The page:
How Not To Judge Not
OK , let me explain. Everybody knows we're not supposed to judge others. Something about God holding us to the same standard as we're dishing out. But I've come to view that a little differently, lately, and I thought I'd share that.
If you drive much at all, you're going to see folks doing stupid stuff, like clipping a red light, cutting in and out, boulevard stopping, tailgating, driving with their fog lights on when there's no fog just because it looks cool (which would be my absolute PET PEEVE if I thought it was even OK to have a pet peeve), and on and on. When I got serious about Jesus, I started hearing from Him about the thoughts I was having toward all them malefactors.
Eventually, God has evolved that in my spirit to a real understanding that I really, really HAVE done all those things, and God has forgiven me. He's protected me from what could have been unpleasant, or even fatal, consequences of my actions. So when others do the things in my sight, that God convicts me of, and nothing happens (no cops around, for example), the thought in my mind is now one of gratitude for what He's done in me, not one of obedient (and gritted-teeth) forbearance.
But then another thought swept over me about judging others. I know the original word in the passage about that means to declare guilty. But how can we avoid doing that if we're going to make any sort of judgments about the behavior of others? When I start assessing the actions of someone else, I really see only two possible verdicts: innocent, or guilty. If I want to avoid declaring them guilty, I have to stop it before it starts. More about that in a minute.
This latest round of soul-searching started at the convention in San Antonio. In one of the workshops, I saw a mixed-race couple walk in, hand-in-hand. My old nature popped up and some thoughts ran through my mind, which I immediately cast out and reflected that they were a result of having been raised in an all-white-community in the North. For the record, let me state I have no problem with mixed-race couples. That's their business, not mine, in every respect I can think of. More about THAT in a minute, too.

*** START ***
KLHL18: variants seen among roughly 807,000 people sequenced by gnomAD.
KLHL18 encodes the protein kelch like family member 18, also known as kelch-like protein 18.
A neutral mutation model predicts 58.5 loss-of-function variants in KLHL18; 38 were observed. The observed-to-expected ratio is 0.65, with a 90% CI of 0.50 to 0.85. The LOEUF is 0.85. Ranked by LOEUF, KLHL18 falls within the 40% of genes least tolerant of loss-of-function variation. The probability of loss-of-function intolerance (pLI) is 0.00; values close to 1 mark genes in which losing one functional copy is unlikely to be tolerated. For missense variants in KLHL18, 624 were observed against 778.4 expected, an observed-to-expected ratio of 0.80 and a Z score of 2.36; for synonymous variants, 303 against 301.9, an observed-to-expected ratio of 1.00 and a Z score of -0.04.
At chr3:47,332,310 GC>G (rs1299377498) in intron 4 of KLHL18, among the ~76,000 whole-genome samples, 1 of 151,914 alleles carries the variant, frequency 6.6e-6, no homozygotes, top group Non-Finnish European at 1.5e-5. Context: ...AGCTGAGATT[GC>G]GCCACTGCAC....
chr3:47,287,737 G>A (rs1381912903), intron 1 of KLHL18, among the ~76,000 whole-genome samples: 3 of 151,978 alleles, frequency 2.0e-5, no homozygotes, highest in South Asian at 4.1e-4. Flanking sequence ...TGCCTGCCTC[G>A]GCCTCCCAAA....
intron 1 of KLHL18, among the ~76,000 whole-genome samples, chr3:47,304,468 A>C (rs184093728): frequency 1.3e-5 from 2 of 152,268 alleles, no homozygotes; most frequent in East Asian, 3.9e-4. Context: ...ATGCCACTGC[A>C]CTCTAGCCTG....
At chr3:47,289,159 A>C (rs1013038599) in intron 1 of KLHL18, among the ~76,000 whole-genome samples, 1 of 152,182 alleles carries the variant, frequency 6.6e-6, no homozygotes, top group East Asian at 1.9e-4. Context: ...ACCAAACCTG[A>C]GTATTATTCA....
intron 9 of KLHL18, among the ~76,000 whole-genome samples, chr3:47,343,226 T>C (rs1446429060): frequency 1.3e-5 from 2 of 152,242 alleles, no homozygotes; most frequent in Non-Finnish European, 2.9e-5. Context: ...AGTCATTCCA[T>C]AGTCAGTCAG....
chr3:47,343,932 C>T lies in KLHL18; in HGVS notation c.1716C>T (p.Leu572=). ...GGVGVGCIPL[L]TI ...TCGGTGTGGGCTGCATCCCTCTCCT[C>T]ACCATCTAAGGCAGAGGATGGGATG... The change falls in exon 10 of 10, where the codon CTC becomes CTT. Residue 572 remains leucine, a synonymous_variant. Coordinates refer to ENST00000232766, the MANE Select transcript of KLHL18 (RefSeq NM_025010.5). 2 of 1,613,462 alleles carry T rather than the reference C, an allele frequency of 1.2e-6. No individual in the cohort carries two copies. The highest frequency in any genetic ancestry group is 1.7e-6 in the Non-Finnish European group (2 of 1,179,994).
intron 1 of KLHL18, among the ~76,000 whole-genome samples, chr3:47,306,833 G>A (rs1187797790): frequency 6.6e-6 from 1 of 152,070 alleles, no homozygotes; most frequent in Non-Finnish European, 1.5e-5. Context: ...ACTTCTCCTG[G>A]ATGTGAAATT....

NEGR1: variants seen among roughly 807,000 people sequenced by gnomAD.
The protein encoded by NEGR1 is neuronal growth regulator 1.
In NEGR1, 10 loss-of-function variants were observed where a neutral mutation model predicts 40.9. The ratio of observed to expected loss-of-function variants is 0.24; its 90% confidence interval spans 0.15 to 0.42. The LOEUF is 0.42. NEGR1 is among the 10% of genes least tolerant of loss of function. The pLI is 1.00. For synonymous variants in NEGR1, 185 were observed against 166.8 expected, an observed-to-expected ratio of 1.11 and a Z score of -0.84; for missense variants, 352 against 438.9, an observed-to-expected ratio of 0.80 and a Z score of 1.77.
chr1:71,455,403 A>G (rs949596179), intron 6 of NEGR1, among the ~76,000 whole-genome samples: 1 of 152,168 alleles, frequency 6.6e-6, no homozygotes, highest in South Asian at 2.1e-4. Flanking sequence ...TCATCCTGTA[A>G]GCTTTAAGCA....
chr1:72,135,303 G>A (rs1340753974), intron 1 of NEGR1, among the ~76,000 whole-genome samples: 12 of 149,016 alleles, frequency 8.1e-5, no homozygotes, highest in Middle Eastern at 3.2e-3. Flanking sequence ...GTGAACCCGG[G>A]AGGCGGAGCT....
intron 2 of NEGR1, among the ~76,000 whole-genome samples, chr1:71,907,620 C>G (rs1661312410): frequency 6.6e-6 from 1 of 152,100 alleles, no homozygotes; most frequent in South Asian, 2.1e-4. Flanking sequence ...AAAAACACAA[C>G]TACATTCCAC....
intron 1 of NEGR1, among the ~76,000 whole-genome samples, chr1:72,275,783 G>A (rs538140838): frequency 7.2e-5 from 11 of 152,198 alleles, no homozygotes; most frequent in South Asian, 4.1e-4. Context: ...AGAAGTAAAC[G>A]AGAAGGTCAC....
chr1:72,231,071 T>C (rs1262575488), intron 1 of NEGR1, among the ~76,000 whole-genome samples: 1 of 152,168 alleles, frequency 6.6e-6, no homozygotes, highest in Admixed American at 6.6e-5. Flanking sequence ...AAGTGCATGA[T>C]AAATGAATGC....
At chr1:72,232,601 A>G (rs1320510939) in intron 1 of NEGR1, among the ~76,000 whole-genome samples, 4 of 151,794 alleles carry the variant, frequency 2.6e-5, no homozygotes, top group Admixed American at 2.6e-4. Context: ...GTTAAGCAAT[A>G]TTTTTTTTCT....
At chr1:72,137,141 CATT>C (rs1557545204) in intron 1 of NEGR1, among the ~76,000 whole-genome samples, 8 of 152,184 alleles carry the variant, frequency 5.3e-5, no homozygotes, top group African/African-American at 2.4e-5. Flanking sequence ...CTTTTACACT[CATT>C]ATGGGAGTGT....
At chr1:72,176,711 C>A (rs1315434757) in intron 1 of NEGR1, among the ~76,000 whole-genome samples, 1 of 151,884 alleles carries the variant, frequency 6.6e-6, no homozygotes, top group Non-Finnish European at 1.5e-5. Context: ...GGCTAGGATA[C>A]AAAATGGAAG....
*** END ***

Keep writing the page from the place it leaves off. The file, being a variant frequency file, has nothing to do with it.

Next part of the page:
A while later, I was talking to a reporter. He asked my opinion of the Resolution about the Dred Scott case, and we talked a while. I told him, among other things, I was less concerned about a 150-year-old Supreme Court case, than I was about a person's reaction to their waitress in a restaurant varying by race, or how we reacted to the mixed race couple in the workshop. He asked what I thought of that couple, and my answer was simply "judge not".
Here's where the light went on in my mind (doesn't make any difference to me if anyone else sees it, I did). If I do not have the right to "judge" others, that is, to declare them guilty, then neither do I have the right to judge them innocent!
I do not have the right to say it's not OK how you dress, nor do I have the right to say it's OK with me. Nor can I say it's OK or not OK for you to have a glass of wine with dinner. And I resolved, when I saw this little (perhaps invisible) light, that I would simply give it up. No more judgments, even if what I'm looking at is OK.
Let me add one more thought. If I am in a position of spiritual responsibility, as is the case with my family, I will be held accountable for certain things, before God. So I must judge certain things. And I will be responsible for my judgments. That may not be comfortable for me, but I must, nonetheless. And where God has given me any sort of format which carries responsibility, such as SBC activities, I must set aside personal preferences for non-involvement, and follow His leading. But you and I know that 99.9% of life, and 99.9% of the problems brought about by my judging others, don't happen on the convention floor, or while standing in front of my Sunday School class.
And, in the event that you struggle with this judgment thing, I dare say yours don't, either.